Book Review: ‘The Battle of Alberta – The Historic Rivalry Between the Edmonton Oilers & Calgary Flames’ by Mark Spector

*written in 2015.

Hockey history always makes for good reading. Reading about historic rivalries is even better.

The Battle of Alberta is a fantastic book for the hockey historian or just fans of the sport. It gives a broad view of the storied rivalry between the Edmonton Oilers and Calgary Flames during a time when the Oilers were a dynasty lead by Wayne Gretzky and Mark Messier while the Calgary Flames had a great team that went on to win their own Stanley Cup in the middle of Edmonton’s dynasty run. Considering that they both share the same province in Canada, the stakes were very high.

While the rivalry still exists to this day, neither team has really had the glory that they did during the era covered in this book.

This rivalry engulfed Alberta and it wasn’t just played out for bragging rights in the province, it was played out for international bragging rights.

Mark Spector gives a detailed recap of all the events, the characters and the stories that made this rivalry one of the best in sports history. At times, it seems to jump around a bit too much but there isn’t anything that doesn’t add more color to the tale. Actually, some of the smaller tidbits could have been expanded more but then this book would have swelled well beyond its 270 pages or so.

As an American who didn’t have enough access to this rivalry as a young kid, it was a thoroughly enjoyable read. It added a lot of depth to the things I already knew about each team and that era in the NHL.

Old time hockey was still alive and well in Alberta in the 1980s and this book captures it like lightning in a bottle.

And with the Oilers and the Flames coming up again in the NHL, maybe we will see this feud turn into something exceptional once again.

Book Review: ‘Into the Dark: The Hidden World of Film Noir, 1941-1950’ by Mark A. Vieira

This was a book put out by Turner Classic Movies, which is pretty cool, as they are the one cable channel that really showcases classic film-noir on a regular basis.

I was surprised that the book wasn’t written by Eddie Muller, the Czar of Noir and TCM’s resident film-noir expert, but he did provide the forward for the book. Muller did already write his own book on the subject, however, 1998’s Dark City: The Lost World of Film Noir. I’ll read and review that one in the near future.

This book is pretty large like a big coffee table book but it is also thick at 300-plus pages.

Initially, when I first opened it, I was stunned by the amazing photos but I was underwhelmed by the content.

The book doesn’t have write ups of the films and instead features excerpts from other people. Each film featured has credits, a few production notes, reviews, feedback from theater owners all over the world and quotes from the artists involved in the production. I guess I was expecting some good analysis by the author himself.

However, as I read further into the book, I realized how much ground it covered and the tidbits of info sprinkled onto the pages was very insightful and added a lot of context to the pictures this book features.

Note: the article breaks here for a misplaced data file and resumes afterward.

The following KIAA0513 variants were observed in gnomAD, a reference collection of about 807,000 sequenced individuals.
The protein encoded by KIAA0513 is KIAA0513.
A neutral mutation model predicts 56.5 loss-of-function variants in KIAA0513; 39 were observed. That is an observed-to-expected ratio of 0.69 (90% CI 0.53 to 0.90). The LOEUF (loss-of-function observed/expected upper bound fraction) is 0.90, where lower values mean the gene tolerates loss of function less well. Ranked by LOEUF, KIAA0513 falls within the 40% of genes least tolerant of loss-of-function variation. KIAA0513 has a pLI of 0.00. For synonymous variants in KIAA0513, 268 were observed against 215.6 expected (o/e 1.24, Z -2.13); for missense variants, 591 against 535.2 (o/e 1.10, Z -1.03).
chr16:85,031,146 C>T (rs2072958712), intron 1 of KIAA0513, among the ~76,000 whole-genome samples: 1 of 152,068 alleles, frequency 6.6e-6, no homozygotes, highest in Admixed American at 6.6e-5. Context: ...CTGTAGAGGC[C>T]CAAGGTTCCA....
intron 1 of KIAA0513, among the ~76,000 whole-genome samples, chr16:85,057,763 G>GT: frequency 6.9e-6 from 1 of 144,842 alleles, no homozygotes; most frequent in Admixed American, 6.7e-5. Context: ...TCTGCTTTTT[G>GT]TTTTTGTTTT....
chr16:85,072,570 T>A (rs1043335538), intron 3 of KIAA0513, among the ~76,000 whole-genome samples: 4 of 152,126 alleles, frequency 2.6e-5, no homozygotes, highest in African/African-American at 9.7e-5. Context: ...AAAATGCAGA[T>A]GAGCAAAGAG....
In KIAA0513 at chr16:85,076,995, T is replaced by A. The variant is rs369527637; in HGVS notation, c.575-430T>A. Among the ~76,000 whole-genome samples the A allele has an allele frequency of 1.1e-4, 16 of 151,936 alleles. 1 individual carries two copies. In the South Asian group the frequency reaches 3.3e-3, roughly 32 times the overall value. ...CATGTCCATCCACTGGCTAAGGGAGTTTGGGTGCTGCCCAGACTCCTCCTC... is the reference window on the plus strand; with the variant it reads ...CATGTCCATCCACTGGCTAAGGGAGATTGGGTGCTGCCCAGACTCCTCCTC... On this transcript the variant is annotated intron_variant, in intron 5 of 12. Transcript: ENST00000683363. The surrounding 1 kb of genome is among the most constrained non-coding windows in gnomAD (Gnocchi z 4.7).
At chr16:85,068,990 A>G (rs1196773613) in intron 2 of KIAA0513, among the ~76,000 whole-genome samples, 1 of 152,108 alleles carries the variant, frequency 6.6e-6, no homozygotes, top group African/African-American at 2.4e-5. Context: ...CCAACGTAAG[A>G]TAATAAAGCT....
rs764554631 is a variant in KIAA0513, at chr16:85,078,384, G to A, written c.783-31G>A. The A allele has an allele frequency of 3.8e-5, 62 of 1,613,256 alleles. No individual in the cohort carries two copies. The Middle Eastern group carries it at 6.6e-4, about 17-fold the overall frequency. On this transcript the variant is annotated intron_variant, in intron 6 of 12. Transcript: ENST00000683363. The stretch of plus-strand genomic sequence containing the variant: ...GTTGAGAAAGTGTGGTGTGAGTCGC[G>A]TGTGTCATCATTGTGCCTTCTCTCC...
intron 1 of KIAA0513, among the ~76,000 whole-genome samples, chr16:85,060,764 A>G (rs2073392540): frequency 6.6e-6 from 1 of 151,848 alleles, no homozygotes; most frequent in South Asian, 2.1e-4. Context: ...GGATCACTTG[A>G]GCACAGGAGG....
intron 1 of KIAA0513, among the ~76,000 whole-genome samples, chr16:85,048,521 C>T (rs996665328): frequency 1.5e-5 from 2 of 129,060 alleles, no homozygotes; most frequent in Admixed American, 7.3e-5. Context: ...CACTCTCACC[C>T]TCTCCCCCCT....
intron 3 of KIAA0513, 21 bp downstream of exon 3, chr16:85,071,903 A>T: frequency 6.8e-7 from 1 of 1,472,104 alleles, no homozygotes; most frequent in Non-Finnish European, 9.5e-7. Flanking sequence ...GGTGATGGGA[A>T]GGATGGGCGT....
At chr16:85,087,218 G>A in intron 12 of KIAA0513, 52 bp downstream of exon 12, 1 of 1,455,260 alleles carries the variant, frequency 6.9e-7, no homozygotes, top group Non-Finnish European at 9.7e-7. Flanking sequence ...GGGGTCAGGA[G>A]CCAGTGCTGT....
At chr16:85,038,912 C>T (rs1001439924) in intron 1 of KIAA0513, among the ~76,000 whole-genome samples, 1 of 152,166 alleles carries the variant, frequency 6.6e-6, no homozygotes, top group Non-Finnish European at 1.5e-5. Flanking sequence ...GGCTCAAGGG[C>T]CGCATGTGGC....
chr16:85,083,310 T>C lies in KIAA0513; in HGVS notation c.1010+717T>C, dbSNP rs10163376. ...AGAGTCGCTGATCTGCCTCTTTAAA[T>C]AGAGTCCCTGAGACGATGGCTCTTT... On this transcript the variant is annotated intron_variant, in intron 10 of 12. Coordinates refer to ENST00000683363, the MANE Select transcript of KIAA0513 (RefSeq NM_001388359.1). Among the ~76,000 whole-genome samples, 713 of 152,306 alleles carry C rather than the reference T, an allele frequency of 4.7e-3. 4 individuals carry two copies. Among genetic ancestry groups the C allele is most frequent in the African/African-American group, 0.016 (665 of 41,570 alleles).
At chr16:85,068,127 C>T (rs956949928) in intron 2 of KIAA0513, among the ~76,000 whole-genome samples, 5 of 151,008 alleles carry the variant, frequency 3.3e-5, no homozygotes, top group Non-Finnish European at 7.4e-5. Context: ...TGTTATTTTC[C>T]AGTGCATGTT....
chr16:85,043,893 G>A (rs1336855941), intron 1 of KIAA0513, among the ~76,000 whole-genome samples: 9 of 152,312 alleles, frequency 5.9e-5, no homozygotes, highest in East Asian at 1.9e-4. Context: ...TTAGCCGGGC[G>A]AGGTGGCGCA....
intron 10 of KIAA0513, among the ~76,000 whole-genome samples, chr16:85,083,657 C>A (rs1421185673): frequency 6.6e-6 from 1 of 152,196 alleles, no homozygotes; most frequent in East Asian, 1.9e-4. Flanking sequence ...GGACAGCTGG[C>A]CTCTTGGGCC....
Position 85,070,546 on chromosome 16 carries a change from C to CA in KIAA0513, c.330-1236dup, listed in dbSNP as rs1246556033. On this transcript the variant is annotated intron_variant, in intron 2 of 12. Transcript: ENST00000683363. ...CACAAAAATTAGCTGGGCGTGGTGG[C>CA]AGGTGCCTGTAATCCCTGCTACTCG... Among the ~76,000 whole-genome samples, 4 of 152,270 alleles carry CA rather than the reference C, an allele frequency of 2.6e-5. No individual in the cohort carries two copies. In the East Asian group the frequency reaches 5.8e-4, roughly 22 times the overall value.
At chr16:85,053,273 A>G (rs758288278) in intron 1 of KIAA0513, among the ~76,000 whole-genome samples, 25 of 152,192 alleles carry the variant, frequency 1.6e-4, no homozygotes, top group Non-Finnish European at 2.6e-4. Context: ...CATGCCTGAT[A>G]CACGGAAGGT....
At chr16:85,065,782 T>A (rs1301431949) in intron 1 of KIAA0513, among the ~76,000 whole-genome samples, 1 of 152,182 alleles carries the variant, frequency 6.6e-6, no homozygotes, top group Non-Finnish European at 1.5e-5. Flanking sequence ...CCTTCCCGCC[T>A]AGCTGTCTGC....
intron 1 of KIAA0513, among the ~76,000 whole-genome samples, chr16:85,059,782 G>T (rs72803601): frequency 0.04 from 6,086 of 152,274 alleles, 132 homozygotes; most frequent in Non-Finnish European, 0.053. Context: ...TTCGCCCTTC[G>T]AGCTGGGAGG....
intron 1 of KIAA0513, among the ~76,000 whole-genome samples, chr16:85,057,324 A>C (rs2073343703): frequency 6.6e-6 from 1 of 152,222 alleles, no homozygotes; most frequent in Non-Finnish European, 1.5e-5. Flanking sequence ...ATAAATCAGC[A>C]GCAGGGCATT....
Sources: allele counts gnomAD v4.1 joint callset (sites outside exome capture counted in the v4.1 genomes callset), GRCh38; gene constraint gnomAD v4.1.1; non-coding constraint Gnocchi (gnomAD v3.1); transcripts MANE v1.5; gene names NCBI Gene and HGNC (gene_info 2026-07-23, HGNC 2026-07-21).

I also like how the book is organized, as the chapters represent years of release and everything within the chapters is in chronological order by the films’ release dates.

This book is of the highest quality and the photos are massive and pristine looking. The presentation alone is well worth the price and it features a ton of films from 1941 up till 1950, ending with Billy Wilder’s Sunset Boulevard, which many consider to be film-noir’s swan song.

As a fan of this genre, this is now one of my favorite books in my large library.

Book Review: ‘Film Noir FAQ: All That’s Left to Know About Hollywood’s Golden Age of Dames, Detectives, and Danger’ by David J. Hogan

I’ve been reading a lot of books on film-noir, as of late. It is Noirvember and reading about the films I’ve been watching helps make the cinematic style easier to navigate.

This book is massive though. It took longer than usual for me to get through this 400 page book because it has so much information to absorb. It really leaves no stone unturned and I didn’t want to miss any detail. It covers well more than a hundred different films in the noir style and is the most comprehensive thing I have read on film-noir.

There are a lot of good books on the subject but this is like an encyclopedia. I also liked how it was organized, in themed chapters regarding the overall narrative and then presented in release order within those chapters. The chapters were broken down into two chapters about men vs. women and then solo chapters on The Private DickA Cop’s LifeThe Best-Laid PlansVictims of Circumstance and The Unsprung Mind. There is also an epilogue that covers the neo-noir films that started appearing after film-noir’s classic run.

David J. Hogan really did his homework and it shows. This massive book should have a home in the library of any true noir fan. The book is easy to navigate, with a great index, just in case you need to go back and look at stuff for research reasons.

Buy it. Read it. Cherish it.

Book Review: ‘Citizen Welles: A Biography of Orson Welles’ by Frank Brady

In recent years, I have grown to like Orson Welles more than any other actor and he is now one of my favorite directors that ever lived.

My first experience with Welles was listening to his War of the Worlds radio broadcast in an American history class in middle school. I had a really cool teacher that would throw in some big pop culture moments into her curriculum, as opposed to just teaching about war and politics.